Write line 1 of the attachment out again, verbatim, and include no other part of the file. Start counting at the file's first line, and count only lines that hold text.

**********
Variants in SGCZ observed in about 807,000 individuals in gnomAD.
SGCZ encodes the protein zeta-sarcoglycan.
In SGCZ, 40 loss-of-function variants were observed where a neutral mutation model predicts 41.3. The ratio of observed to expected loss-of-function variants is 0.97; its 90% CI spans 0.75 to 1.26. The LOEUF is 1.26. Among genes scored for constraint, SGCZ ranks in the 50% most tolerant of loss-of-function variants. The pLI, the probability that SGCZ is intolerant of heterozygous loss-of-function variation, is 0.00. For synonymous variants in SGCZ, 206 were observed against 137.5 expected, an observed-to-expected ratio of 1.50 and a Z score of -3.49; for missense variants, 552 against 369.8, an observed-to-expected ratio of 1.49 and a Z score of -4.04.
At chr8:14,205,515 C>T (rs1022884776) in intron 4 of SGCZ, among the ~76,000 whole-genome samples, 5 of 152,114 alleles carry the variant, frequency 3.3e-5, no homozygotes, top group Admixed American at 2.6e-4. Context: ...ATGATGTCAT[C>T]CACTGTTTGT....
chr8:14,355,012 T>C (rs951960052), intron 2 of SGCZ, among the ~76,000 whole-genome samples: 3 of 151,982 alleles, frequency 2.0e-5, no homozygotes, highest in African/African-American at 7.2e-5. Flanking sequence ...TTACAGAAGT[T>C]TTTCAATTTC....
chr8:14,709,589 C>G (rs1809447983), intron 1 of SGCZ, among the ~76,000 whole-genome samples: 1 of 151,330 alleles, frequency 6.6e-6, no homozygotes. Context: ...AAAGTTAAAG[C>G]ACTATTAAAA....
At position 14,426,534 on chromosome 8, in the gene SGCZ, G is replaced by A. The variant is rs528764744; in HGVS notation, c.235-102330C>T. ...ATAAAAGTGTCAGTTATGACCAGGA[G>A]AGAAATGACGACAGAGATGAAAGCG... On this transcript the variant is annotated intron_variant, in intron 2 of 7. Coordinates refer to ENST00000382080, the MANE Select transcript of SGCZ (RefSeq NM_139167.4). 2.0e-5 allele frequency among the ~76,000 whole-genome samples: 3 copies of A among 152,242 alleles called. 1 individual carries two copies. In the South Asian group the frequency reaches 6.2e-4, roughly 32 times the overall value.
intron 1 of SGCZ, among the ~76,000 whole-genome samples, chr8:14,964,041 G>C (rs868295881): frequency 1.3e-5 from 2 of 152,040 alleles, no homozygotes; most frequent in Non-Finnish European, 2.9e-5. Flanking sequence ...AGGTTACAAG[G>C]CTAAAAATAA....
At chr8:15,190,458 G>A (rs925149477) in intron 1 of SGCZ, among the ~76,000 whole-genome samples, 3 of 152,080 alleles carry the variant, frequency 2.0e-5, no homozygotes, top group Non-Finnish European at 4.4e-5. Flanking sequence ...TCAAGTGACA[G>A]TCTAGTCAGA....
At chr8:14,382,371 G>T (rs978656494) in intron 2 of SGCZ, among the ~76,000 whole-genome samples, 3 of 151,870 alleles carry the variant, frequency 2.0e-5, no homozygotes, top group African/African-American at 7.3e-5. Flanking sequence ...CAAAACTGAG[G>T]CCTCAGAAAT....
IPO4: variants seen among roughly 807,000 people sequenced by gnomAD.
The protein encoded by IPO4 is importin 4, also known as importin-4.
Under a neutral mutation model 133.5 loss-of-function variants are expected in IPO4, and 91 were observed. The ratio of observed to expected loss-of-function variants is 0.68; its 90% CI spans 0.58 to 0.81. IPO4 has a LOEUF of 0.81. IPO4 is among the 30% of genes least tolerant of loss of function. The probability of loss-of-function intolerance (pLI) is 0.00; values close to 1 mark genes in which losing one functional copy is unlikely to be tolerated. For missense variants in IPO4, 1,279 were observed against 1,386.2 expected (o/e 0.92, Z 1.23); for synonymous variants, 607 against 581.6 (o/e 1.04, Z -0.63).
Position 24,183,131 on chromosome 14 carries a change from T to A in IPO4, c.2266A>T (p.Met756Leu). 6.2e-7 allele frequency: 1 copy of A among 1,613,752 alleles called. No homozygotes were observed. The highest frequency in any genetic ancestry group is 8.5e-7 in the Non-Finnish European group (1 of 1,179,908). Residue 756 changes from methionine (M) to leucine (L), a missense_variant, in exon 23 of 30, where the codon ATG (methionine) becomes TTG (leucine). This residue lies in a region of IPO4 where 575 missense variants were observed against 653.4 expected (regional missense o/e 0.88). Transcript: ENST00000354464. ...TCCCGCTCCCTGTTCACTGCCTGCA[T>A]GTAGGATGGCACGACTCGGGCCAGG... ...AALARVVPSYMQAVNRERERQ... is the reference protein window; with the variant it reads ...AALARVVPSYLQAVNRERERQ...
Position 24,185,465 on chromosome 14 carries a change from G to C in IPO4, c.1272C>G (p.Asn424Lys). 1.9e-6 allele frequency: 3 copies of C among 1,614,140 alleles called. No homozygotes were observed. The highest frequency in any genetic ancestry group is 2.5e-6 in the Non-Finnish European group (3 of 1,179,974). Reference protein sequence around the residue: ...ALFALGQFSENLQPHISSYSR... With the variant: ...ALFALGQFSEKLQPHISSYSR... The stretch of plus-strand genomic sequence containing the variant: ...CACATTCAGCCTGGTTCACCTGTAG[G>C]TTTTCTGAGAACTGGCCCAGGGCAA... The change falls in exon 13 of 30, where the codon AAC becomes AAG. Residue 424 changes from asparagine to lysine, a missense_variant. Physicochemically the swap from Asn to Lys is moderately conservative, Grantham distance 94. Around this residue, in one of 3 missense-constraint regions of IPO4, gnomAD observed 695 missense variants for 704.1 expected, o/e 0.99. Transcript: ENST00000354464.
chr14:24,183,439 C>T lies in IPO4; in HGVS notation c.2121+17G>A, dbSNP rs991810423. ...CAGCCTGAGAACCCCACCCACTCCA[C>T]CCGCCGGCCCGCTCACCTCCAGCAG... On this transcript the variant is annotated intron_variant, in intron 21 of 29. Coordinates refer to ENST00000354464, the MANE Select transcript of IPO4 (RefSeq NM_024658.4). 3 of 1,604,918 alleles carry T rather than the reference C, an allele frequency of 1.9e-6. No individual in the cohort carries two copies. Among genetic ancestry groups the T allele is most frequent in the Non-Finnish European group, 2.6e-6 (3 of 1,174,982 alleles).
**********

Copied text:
Variants in SGCZ observed in about 807,000 individuals in gnomAD.